Alcoholics Anonymous and other 12-step programs, while effective, are not the be-all and end-all in psychosocial treatments for alcohol dependence, according to new review of studies.
Evidence about the supremacy of these programs was inconclusive when analyzed in a systematic review, found the Italian research team that looked at eight studies of 3,417 adults being treated for alcoholism.
The studies compared interventions for effectiveness in reducing alcohol intake, achieving abstinence, maintaining abstinence and otherwise improving the quality of life of affected people and their families.
"All interventions without distinction proved to alleviate the severity of dependence," said Marica Ferri, an epidemiologist with the public health agency in Rome. Without a standout treatment, Ferri said, "the active collaboration of patients or clients should perhaps be sought to identify the best intervention for that specific person."
The review appears in the current issue of The Cochrane Library, a publication of The Cochrane Collaboration, an international organization that evaluates medical research. Systematic reviews draw evidence-based conclusions about medical practice after considering both the content and quality of existing medical trials on a topic.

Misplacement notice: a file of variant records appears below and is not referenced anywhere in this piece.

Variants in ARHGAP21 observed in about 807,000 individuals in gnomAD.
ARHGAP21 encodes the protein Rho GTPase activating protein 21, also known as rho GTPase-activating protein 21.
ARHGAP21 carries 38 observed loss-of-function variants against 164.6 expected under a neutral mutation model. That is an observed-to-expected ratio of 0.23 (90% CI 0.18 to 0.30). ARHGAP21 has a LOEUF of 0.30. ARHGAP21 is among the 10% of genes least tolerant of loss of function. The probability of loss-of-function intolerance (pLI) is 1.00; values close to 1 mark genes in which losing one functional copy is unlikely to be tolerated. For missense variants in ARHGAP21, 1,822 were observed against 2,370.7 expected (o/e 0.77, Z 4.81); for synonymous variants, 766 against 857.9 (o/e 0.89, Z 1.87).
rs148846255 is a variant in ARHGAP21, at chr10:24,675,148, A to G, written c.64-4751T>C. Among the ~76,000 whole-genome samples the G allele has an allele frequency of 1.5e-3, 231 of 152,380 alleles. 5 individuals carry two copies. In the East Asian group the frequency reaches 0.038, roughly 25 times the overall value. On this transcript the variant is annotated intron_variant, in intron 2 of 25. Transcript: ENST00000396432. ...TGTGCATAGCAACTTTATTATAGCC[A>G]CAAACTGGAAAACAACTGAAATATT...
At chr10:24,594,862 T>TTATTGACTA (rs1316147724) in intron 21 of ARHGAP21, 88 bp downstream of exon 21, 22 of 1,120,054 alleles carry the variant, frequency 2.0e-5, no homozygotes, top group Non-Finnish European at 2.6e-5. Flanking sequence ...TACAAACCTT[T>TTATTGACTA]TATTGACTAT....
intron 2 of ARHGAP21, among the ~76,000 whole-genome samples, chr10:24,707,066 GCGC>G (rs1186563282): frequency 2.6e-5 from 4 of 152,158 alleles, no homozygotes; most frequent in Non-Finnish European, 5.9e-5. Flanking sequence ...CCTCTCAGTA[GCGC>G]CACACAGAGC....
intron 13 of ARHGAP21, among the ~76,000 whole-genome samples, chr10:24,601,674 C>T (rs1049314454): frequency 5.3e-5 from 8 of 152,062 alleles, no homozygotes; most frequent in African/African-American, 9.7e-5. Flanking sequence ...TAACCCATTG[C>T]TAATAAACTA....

Ferri and colleagues compared AA and other twelve-step programs with a number of other interventions. Among these, Motivational Enhancement Therapy seeks to evoke patients' own motivation for change and to design a personal plan for such change. Cognitive-behavioral coping skills training helps people learn how to pace their daily activities and relax and improves negative thinking patterns, so they can identify attainable goals. Relapse Prevention Therapy teaches people who how to anticipate and cope with the problem of relapse.
Twelve-step programs were also compared to one another, based on whether groups were spiritually or non-spiritually based, and whether a professional or lay leader led the group.
No available experimental studies unequivocally demonstrated the superior effectiveness of these 12-step approaches, when compared with other treatments, Ferri says. "AA may help patients to accept treatment and keep patients in treatment more than alternative treatments, though the evidence for this is from one small study that combined AA with other interventions and should not be regarded as conclusive."
Studies had various limitations, Ferri said. For instance, many different interventions were compared in some single studies. This leads to too many hypotheses being tested at the same time, she said, making it hard to accurately identify the specific factors leading to treatment success.